The Egyptian People's Assembly, dissolved in mid-June, met briefly Tuesday morning after a decree by President Mohamed Morsi ordering its reinstatement, defying the army and judiciary. According to Saad al-Katatni, the Speaker of the lower house, MPs are not in conflict with the ruling by the Supreme Constitutional Court, which declared the Assembly as invalid. He added that members respected the law and justice.
These recent developments illustrate power struggle between the new president and the Supreme Council of the Armed Forces (SCAF). The Muslim Brotherhoods had accused the military junta of masterminding the dissolution of the Islamist-dominated Parliament in order to get legislature powers.
The Supreme Constitutional Court has in turn ensured that it "was not involved in any political struggle" and that its mission was "to protect the Constitution." However, it is still accused by several groups and politicians to be biased.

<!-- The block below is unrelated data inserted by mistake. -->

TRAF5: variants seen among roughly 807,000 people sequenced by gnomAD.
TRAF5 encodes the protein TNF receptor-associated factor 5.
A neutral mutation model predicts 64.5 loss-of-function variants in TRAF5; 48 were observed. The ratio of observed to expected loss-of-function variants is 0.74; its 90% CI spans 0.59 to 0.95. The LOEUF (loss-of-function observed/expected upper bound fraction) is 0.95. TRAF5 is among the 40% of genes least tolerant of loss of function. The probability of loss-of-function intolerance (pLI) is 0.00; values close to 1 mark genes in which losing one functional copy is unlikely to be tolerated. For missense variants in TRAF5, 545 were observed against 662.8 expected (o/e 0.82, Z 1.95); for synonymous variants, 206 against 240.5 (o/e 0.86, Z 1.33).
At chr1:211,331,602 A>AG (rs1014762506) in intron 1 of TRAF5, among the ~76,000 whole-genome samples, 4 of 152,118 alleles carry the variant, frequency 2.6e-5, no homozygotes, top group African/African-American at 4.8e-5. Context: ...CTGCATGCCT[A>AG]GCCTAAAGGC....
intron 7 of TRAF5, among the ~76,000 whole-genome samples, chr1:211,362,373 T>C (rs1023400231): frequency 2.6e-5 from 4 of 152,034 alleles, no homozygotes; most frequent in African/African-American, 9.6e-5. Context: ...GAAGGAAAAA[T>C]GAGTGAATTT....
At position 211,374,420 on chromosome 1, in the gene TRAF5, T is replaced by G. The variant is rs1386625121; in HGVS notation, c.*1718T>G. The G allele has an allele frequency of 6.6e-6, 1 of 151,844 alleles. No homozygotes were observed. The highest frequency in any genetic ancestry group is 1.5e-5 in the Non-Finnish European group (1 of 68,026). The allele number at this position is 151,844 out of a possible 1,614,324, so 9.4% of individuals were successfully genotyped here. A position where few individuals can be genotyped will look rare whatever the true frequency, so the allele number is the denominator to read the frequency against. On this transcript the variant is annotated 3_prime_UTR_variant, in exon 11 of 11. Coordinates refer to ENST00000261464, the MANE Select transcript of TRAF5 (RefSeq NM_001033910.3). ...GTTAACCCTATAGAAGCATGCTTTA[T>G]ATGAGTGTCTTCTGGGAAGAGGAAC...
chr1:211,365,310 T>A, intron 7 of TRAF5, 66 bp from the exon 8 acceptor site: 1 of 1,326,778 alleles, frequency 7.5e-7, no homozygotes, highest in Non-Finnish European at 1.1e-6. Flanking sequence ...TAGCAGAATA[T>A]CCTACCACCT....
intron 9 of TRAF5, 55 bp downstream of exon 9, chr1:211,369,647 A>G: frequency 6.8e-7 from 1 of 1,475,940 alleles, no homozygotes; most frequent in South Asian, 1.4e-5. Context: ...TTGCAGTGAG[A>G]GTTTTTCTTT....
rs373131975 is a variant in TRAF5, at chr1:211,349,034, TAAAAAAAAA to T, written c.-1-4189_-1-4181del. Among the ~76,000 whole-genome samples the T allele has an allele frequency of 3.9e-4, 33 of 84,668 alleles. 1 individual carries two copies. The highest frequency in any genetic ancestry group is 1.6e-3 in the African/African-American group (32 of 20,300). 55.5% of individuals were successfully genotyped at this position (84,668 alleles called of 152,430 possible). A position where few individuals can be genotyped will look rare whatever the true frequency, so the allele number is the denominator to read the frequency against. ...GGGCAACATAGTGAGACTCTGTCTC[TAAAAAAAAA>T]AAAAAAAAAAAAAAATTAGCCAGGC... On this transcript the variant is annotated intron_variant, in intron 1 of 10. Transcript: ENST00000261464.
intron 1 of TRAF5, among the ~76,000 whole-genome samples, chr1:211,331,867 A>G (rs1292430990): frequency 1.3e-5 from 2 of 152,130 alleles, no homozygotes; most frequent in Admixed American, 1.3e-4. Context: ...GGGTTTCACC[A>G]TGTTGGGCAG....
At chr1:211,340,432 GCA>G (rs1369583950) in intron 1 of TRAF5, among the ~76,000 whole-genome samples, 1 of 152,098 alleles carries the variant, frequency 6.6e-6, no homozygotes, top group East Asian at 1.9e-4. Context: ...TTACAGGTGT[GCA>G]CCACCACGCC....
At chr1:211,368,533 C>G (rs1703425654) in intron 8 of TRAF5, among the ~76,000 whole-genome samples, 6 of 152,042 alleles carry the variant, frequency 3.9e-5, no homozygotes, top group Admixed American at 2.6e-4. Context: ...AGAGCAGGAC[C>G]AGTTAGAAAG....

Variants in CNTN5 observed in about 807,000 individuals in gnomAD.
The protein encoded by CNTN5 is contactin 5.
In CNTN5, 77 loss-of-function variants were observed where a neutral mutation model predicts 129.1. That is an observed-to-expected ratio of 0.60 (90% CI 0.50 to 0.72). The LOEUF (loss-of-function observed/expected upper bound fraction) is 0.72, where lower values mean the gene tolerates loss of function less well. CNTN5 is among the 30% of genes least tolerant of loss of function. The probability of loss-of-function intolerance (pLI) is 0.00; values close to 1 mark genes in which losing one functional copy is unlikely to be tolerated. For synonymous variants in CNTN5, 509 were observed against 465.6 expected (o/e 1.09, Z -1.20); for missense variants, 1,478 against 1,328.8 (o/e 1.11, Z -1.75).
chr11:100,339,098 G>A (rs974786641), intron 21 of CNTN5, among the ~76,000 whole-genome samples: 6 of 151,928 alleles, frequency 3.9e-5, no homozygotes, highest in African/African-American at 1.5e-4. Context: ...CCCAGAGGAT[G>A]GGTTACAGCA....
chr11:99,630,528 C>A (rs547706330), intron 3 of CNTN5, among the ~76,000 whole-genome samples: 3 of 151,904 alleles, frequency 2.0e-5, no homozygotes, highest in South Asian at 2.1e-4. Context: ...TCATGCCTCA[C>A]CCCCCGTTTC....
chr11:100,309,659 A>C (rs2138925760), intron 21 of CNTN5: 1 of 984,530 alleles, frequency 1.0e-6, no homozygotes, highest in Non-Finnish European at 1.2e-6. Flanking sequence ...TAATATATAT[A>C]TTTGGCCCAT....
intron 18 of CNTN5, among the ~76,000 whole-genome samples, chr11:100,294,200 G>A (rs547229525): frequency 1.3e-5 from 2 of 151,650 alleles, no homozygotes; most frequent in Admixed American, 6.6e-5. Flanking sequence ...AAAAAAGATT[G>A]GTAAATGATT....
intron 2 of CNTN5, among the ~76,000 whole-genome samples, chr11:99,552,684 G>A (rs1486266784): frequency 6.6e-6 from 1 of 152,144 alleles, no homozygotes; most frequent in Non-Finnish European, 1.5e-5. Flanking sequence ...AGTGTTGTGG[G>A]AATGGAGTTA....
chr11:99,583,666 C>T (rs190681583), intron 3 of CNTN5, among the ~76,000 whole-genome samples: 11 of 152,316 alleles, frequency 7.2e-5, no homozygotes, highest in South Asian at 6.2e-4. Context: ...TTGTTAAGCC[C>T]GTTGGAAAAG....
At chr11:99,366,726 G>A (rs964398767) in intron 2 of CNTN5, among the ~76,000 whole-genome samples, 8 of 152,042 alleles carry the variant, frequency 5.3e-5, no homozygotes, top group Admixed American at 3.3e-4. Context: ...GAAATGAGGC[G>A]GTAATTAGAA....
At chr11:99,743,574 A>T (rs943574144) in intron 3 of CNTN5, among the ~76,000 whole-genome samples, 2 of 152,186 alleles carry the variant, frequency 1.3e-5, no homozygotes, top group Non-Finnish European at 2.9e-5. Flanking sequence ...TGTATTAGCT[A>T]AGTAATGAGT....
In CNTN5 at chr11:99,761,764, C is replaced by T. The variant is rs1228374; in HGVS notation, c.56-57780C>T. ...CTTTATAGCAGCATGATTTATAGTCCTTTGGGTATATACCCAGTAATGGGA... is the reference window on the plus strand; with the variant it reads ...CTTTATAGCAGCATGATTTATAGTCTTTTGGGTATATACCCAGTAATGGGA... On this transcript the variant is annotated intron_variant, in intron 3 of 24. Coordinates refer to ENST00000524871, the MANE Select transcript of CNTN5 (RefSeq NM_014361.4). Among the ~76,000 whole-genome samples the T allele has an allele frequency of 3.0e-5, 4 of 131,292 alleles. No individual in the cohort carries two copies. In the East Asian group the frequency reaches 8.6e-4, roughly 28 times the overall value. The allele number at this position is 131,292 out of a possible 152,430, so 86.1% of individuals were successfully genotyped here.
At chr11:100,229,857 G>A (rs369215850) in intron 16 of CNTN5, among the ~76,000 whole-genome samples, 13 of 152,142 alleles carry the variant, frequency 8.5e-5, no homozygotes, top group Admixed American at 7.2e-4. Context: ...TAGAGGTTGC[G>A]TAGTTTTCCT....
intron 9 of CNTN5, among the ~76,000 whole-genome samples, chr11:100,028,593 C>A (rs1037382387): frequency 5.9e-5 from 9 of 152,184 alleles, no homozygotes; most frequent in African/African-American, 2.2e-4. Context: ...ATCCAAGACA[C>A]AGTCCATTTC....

Meanwhile, the United States called on Egyptian leaders to stick with "democratic principles" out of this confrontation. The Secretary of State Hillary Clinton on Tuesday called for an "intensive dialogue between all parties." "The Egyptians should get what they fought for and those for whom they voted, that an elected government that makes decisions for the country in order to advance," she said.